Weather: small talk the world over depends on its existence. We bemoan it, celebrate it, pray for sun in mid winter and ski field snow while summer is still lingering. We want it hotter, cooler, still but not if we want to fly our kite, and rain to fill the hydro lakes…but only at night time. Here on the Homestead, we make huge efforts to just take the days as they turn up; rain is a blessing on our sandy soil and sun brings the bees to the blossom. Sometimes this Pollyannaish approach stretches us a little, and on inspecting the garden after Sunday’s hailstorm our smiles were a tad forced. The intervening four days have been spent making silk from hail- scarred sows ears.
While there’s still life in some
for the broad beans, who were pretty much finished anyway, the ice bullet barrage spelled the end.
The decision was made to move swiftly in the case of the remaining cauliflowers and broccoli. No one complained about extra helpings of broccoli, the one vegetable that every Homesteader likes,
The piccalilli production was made all that much easier by a visit from Daryl the Plumber.
The inclement weather has made practising the Homestead Christmas Eve musical offering a breeze (once we’ve got it down pat we may even give you a sneak peek) but it wasn’t exactly the best conditions to be introducing the prospective new Homestead flock, especially as our broody ladies shunned the new roosting box the Goat Herd and Milk Maid fashioned out of a couple of old drawers
in favour of the existing nesting boxes, thus upping the chances of the chicks plummeting to their doom if we don’t move quickly enough.
And for the times when the sun does shine, access between the Homestead and Castle Chann has been greatly improved by the installation of a gate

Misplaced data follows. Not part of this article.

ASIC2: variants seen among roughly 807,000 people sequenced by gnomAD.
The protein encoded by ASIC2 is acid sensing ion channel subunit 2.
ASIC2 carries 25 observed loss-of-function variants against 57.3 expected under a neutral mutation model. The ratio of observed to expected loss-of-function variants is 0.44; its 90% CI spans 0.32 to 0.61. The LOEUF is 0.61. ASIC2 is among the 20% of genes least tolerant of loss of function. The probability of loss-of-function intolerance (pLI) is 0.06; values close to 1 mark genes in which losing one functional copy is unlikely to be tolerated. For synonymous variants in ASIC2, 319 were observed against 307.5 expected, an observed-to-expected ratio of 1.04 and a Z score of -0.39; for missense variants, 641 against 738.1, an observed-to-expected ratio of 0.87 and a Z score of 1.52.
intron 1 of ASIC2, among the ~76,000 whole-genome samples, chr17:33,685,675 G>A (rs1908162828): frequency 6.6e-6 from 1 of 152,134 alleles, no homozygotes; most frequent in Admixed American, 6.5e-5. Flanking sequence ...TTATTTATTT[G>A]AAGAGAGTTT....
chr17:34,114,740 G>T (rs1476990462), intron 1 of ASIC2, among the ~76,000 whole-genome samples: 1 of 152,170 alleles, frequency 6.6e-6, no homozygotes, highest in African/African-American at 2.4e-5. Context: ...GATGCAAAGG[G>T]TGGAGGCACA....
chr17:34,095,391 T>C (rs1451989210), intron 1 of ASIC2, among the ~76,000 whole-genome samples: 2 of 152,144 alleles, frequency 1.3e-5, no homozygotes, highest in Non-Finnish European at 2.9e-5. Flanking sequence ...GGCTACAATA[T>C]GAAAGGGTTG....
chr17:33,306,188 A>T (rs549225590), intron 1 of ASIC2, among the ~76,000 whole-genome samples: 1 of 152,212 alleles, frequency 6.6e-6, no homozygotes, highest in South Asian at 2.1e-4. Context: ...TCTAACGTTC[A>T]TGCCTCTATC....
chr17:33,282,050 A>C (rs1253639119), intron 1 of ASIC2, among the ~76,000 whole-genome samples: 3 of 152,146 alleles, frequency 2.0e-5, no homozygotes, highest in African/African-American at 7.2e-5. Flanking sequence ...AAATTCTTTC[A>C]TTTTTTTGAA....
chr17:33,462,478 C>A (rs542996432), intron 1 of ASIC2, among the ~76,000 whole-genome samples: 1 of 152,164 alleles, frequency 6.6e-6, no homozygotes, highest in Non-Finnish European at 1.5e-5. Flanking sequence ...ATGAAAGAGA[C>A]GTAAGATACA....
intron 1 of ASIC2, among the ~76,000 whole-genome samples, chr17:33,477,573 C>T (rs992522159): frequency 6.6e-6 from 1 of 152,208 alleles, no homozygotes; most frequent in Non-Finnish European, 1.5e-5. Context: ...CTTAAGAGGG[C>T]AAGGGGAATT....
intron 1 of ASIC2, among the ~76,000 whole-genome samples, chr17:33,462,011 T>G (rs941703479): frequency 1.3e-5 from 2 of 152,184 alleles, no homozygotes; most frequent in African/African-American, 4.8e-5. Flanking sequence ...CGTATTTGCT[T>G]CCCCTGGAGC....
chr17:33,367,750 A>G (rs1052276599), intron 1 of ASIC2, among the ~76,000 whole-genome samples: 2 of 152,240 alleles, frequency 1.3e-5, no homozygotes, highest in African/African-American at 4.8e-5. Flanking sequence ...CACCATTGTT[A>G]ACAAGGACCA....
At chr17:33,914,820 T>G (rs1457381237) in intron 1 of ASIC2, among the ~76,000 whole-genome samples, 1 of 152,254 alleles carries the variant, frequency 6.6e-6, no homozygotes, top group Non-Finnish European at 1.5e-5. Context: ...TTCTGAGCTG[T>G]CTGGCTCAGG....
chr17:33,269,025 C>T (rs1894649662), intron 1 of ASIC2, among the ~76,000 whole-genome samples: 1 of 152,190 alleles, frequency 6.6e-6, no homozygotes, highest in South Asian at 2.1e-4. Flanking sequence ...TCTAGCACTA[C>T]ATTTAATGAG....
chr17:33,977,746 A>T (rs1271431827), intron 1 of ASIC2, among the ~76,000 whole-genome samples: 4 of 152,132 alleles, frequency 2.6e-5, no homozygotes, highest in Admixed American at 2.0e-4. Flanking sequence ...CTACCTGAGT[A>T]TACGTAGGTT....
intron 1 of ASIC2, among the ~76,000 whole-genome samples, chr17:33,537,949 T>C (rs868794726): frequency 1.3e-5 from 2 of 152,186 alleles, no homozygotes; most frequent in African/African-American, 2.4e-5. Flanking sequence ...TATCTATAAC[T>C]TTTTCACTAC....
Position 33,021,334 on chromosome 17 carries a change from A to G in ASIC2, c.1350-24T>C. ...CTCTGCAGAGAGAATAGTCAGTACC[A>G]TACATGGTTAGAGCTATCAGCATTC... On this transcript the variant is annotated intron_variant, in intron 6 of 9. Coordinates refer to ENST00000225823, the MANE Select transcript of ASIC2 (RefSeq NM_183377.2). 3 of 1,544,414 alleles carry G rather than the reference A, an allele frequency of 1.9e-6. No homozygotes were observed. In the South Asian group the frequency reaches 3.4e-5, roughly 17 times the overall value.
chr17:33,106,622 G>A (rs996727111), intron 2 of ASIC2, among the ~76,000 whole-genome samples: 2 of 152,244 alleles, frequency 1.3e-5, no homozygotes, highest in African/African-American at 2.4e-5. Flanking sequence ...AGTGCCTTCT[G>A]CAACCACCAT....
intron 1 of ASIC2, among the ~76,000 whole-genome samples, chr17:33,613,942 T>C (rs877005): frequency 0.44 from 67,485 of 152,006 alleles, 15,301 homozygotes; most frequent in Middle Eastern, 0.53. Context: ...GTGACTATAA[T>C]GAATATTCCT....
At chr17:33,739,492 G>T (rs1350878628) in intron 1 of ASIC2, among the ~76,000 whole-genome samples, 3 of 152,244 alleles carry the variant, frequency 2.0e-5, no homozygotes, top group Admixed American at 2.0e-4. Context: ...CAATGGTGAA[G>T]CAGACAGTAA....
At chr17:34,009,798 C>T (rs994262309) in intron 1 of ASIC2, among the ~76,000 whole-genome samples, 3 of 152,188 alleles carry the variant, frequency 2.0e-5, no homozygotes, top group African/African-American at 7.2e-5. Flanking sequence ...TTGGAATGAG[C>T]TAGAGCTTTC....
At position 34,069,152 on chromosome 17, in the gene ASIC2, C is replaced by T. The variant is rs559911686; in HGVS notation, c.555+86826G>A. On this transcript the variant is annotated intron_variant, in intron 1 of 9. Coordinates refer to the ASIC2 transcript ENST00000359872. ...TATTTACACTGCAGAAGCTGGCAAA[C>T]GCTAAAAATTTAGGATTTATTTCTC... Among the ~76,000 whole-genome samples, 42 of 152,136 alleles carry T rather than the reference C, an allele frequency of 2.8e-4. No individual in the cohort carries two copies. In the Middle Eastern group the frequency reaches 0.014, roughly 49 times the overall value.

making games of pirates and hide and seek, communal coffee breaks, and popping next door for a clove or two of garlic just that much easier.
These school holidays are looking pretty good – whatever the weather.
23 thoughts on “Whatever the Weather”
Sorry about the hail and the damage it caused but the new kitchen looks stunning.
The hail is just one of those things, and as for the kitchen: wWe’re pretty pleased with how it’s turning out.
I’m trying to take the weather as it comes, but at the moment all that’s coming is rain. I’m beginning to consider knitting flippers for the chickens… none of whom are laying because they think it’s constant night. Still, at least we didn’t have hail like yours!
Flippers sounds a good idea… I was surprised that at the local farm the chickens are this year pumping out the eggs. It’s definitely got nothing to do with the length of the days, especially ones like Tuesday!
Our hens didn’t start laying again after the autumn moult… I think they are waiting for spring… at least I hope so. We’ve never had such a poor winter for eggs before.
I know a farm which is having the same experience. Hopefully, your hens will return to egg laying in the spring.
I think a pair of knitted flippers would be just the thing to jolly your confused chickens into laying again:)
It must have been big/heavy hail to have caused so much damage!
My caulis have bolted and I was wondering what to do with them. Maybe piccalilli is the answer.
Happy Christmas 🙂
Piccalilli, with it’s gorgeous colour, crunchy texture and hint of heat, is the answer to a great many things in our book 🙂
Hi, Those kids will be as big as their mothers soon – no doubt they are becoming more adventurous as they grow older.